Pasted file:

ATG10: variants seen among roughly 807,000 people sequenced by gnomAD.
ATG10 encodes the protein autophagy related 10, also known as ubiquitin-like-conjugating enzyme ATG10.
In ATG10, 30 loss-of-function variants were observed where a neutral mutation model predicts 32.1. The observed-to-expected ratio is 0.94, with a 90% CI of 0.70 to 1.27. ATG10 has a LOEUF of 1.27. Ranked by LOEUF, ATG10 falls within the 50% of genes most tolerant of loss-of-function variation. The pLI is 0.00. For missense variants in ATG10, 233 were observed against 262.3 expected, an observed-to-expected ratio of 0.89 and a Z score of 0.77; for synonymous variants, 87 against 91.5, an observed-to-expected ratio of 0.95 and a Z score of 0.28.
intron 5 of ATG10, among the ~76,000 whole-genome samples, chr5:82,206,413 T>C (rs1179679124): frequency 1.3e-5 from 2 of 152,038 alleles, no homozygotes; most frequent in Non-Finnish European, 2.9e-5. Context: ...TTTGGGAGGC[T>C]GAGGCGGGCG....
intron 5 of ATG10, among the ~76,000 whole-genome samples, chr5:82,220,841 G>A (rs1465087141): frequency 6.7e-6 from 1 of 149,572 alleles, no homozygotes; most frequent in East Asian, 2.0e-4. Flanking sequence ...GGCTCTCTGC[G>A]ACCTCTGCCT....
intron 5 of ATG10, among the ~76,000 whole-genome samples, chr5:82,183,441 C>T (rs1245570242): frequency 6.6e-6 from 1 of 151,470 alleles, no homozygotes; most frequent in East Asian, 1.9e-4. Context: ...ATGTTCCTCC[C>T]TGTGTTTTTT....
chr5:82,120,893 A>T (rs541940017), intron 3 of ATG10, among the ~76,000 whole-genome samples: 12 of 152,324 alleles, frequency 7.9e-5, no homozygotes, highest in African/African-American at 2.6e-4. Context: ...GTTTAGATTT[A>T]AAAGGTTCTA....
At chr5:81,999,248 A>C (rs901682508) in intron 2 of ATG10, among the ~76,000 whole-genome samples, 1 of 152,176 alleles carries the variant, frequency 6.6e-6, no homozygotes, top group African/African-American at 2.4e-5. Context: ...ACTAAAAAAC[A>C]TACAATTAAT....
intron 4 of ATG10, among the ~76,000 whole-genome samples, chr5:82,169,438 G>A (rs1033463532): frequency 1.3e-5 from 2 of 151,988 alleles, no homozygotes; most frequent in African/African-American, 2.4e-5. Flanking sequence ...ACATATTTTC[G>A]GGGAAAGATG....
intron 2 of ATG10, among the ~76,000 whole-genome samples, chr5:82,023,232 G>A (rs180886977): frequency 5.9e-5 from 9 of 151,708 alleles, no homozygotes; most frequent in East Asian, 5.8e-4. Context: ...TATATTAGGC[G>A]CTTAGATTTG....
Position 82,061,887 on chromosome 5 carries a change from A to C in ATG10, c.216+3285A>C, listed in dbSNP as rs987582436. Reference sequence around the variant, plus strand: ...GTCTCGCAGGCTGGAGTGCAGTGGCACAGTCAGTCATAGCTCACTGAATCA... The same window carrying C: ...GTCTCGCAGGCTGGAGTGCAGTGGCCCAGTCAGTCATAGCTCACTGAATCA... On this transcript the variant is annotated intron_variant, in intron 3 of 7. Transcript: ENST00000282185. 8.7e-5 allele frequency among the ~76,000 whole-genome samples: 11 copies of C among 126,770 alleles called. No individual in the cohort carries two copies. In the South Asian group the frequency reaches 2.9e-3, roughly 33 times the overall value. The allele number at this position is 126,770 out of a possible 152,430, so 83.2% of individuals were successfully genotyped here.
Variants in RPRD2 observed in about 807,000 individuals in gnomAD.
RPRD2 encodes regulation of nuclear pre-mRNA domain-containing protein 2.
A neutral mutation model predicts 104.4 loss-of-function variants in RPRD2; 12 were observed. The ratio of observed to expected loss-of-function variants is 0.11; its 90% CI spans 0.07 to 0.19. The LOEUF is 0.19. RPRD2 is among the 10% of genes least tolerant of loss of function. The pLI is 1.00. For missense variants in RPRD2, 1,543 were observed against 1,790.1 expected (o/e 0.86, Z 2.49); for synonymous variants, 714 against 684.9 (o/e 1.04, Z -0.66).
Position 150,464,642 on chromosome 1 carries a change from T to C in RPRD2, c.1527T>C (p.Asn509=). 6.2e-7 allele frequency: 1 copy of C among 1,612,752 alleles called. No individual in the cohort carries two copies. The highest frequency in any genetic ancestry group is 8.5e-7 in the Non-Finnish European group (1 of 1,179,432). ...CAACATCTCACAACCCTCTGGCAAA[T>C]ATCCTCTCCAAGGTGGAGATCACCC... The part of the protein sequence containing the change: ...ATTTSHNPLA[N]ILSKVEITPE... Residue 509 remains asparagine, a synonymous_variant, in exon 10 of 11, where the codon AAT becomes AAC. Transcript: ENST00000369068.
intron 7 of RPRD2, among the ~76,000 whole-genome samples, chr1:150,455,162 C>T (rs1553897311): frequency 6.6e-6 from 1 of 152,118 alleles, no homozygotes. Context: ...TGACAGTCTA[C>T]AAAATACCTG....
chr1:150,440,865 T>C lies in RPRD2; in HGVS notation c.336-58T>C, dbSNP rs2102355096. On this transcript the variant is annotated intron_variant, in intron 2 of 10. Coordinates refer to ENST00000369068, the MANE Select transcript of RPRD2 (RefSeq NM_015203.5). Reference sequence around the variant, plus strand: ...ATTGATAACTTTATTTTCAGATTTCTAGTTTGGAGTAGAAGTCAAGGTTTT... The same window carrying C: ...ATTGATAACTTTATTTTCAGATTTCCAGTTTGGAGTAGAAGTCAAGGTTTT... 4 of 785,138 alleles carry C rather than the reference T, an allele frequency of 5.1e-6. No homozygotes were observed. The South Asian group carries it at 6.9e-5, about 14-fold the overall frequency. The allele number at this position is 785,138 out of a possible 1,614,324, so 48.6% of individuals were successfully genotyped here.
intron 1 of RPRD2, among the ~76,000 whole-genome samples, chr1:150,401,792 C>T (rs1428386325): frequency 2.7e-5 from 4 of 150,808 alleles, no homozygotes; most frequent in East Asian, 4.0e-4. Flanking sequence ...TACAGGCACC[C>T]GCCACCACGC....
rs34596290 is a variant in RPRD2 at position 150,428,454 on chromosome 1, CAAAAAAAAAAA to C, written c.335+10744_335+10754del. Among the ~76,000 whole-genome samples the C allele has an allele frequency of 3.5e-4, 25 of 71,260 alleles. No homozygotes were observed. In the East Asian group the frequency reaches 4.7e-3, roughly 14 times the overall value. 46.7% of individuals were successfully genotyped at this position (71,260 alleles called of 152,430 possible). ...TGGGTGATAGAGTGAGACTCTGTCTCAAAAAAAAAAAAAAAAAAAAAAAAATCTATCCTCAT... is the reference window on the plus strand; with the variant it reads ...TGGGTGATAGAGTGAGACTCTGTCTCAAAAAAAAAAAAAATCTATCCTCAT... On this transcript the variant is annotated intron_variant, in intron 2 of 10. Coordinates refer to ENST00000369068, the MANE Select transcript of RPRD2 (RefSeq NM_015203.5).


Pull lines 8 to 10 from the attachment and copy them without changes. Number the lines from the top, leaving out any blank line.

At chr5:81,999,248 A>C (rs901682508) in intron 2 of ATG10, among the ~76,000 whole-genome samples, 1 of 152,176 alleles carries the variant, frequency 6.6e-6, no homozygotes, top group African/African-American at 2.4e-5. Context: ...ACTAAAAAAC[A>C]TACAATTAAT....
intron 4 of ATG10, among the ~76,000 whole-genome samples, chr5:82,169,438 G>A (rs1033463532): frequency 1.3e-5 from 2 of 151,988 alleles, no homozygotes; most frequent in African/African-American, 2.4e-5. Flanking sequence ...ACATATTTTC[G>A]GGGAAAGATG....
intron 2 of ATG10, among the ~76,000 whole-genome samples, chr5:82,023,232 G>A (rs180886977): frequency 5.9e-5 from 9 of 151,708 alleles, no homozygotes; most frequent in East Asian, 5.8e-4. Context: ...TATATTAGGC[G>A]CTTAGATTTG....